Undergoing a divorce can be stressful and overwhelming. However, you can significantly mitigate the potentially devastating financial impact of the process by avoiding some of the more common financial errors clients make during divorce negotiation proceedings. Here are three of them to avoid:
ERROR #1: Assuming 50/50 Division of Property Is the Status Quo
One of the most common (and often most costly) misconceptions amongst clients contemplating a divorce is that all assets will be split equally. When a divorce court allocates the property and debt of the parties, it is legally required to assign it in a “just and equitable” way. This sometimes means that the court will disproportionately split property and debt to the benefit of the spouse who is most economically disadvantaged at the time of the divorce proceeding.
Even if the court is ratifying a divorce agreement in which the parties have stipulated that all property and debt be divided equally, the long-term financial effects of this approach are often not ideal. To maximize the chances of an optimal outcome for both spouses, clients should visualize the property division stage of divorce negotiations as an exercise in financial strategy for the future. The financial division process should be mainly focused on distributing resources to accomplish specific goals. For example, former spouses should aspire to create two independent, financially sustainable post-divorce homes in which there are established plans for childcare, paying off major financial commitments entered into jointly during the marriage (such as mortgages and loans), and making necessary adjustments for the respective socioeconomic circumstances of each spouse in the aftermath of the separation.
Agreeing upon mutually beneficial financial goals can be challenging, depending on how contentious the divorce proceedings are. But devoting a collaborative effort towards determining future expenses, wages, obligations, and other assets early in the process will pay dividends in the future. Having an experienced divorce attorney on your side from the earliest stages of your divorce can make this planning process more efficient and productive – saving you time, stress, and money.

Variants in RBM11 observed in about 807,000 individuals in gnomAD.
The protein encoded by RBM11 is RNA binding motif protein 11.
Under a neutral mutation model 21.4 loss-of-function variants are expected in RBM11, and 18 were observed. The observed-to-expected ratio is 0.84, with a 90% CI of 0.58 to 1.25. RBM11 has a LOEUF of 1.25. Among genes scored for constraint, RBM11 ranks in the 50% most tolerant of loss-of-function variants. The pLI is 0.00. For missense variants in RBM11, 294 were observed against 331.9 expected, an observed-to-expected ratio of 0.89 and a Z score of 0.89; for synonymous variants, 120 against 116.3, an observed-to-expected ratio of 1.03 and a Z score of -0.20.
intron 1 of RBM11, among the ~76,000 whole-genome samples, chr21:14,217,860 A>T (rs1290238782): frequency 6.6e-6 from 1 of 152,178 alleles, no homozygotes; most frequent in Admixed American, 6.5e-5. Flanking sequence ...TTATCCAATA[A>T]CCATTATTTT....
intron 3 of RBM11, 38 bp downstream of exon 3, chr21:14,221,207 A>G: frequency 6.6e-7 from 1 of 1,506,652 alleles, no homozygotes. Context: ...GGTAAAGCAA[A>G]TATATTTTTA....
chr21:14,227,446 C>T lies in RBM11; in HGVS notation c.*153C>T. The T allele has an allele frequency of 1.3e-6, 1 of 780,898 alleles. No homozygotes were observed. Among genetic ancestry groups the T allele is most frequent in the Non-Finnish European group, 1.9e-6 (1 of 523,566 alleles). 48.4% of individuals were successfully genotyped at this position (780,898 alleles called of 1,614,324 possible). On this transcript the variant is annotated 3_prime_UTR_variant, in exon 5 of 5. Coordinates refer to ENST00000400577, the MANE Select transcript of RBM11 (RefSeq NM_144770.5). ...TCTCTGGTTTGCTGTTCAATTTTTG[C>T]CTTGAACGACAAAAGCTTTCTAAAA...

ERROR #2: Believing There’s A Predictable Spousal Maintenance Formula
Washington does not have a set formula for determining spousal maintenance (also known as alimony) amounts. Instead, it is done on a case-by-case basis. There is a widely circulated yet incorrect myth that for every “x” years the marriage lasted, there is one year of corresponding maintenance. This type of predictable approach is patently false. When the judiciary calculates spousal maintenance, the duration of the marriage is merely a single, non-determinative factor among many others that are considered collectively.
Per Washington statute, the court is required to weigh all equitable details when formulating alimony. This includes whether a spouse is a primary caregiver for dependents; the income, assets, and expenses of the spouses; whether one spouse is planning to remarry, earn a new degree, or will experience another significant life change in the future; the spouse’s standard of living; and the spouse’s health status.
When it comes to setting the alimony duration, there are three basic categories:
- Temporary: This award goes into affect over the course of a separation period prior to the divorce being finalized and the dissolution of the marriage. It is intended to provide for a temporary standard of living premised on the spouse’s circumstances before the couple was separated, and it only remains enforceable until arrangements for post-divorce spousal support are made.
- Rehabilitative: When a spouse requires time to complete a degree or certification in order to support themselves post-divorce, these payments assist them in doing so. However, these may be impacted or capped, depending on the length of the marriage and other factors.
Regardless of whether you will be paying or receiving alimony, it is essential to consult with an experienced, trusted divorce attorney who can present your case to the judge strategically and convincingly.